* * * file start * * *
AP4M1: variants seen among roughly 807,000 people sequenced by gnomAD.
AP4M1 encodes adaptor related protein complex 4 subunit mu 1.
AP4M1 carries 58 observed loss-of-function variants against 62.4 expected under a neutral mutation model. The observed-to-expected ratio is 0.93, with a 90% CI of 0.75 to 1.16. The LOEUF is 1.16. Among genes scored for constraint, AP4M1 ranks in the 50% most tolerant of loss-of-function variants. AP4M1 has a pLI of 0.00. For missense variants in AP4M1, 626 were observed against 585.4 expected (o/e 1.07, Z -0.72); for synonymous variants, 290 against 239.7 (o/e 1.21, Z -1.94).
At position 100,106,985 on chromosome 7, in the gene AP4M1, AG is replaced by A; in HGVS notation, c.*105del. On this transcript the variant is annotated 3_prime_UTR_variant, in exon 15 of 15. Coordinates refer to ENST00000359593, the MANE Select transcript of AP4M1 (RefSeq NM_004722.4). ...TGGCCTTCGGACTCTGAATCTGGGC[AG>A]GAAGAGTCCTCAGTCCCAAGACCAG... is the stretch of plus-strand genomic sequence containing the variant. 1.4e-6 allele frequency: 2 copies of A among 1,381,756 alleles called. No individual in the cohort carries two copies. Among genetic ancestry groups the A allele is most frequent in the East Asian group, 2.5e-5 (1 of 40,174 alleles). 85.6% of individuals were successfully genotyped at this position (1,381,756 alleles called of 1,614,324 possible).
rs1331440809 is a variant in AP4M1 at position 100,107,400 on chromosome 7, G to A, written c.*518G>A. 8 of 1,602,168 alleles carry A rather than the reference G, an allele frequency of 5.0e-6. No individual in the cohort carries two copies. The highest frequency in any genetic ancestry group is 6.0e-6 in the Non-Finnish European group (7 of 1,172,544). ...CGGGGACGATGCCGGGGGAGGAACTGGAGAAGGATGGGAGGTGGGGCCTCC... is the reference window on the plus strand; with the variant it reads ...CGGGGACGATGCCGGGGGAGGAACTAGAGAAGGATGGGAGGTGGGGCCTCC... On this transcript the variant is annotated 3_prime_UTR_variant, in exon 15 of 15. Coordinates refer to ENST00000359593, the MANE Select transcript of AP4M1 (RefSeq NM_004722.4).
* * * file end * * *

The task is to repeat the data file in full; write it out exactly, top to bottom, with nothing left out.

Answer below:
AP4M1: variants seen among roughly 807,000 people sequenced by gnomAD.
AP4M1 encodes adaptor related protein complex 4 subunit mu 1.
AP4M1 carries 58 observed loss-of-function variants against 62.4 expected under a neutral mutation model. The observed-to-expected ratio is 0.93, with a 90% CI of 0.75 to 1.16. The LOEUF is 1.16. Among genes scored for constraint, AP4M1 ranks in the 50% most tolerant of loss-of-function variants. AP4M1 has a pLI of 0.00. For missense variants in AP4M1, 626 were observed against 585.4 expected (o/e 1.07, Z -0.72); for synonymous variants, 290 against 239.7 (o/e 1.21, Z -1.94).
At position 100,106,985 on chromosome 7, in the gene AP4M1, AG is replaced by A; in HGVS notation, c.*105del. On this transcript the variant is annotated 3_prime_UTR_variant, in exon 15 of 15. Coordinates refer to ENST00000359593, the MANE Select transcript of AP4M1 (RefSeq NM_004722.4). ...TGGCCTTCGGACTCTGAATCTGGGC[AG>A]GAAGAGTCCTCAGTCCCAAGACCAG... is the stretch of plus-strand genomic sequence containing the variant. 1.4e-6 allele frequency: 2 copies of A among 1,381,756 alleles called. No individual in the cohort carries two copies. Among genetic ancestry groups the A allele is most frequent in the East Asian group, 2.5e-5 (1 of 40,174 alleles). 85.6% of individuals were successfully genotyped at this position (1,381,756 alleles called of 1,614,324 possible).
rs1331440809 is a variant in AP4M1 at position 100,107,400 on chromosome 7, G to A, written c.*518G>A. 8 of 1,602,168 alleles carry A rather than the reference G, an allele frequency of 5.0e-6. No individual in the cohort carries two copies. The highest frequency in any genetic ancestry group is 6.0e-6 in the Non-Finnish European group (7 of 1,172,544). ...CGGGGACGATGCCGGGGGAGGAACTGGAGAAGGATGGGAGGTGGGGCCTCC... is the reference window on the plus strand; with the variant it reads ...CGGGGACGATGCCGGGGGAGGAACTAGAGAAGGATGGGAGGTGGGGCCTCC... On this transcript the variant is annotated 3_prime_UTR_variant, in exon 15 of 15. Coordinates refer to ENST00000359593, the MANE Select transcript of AP4M1 (RefSeq NM_004722.4).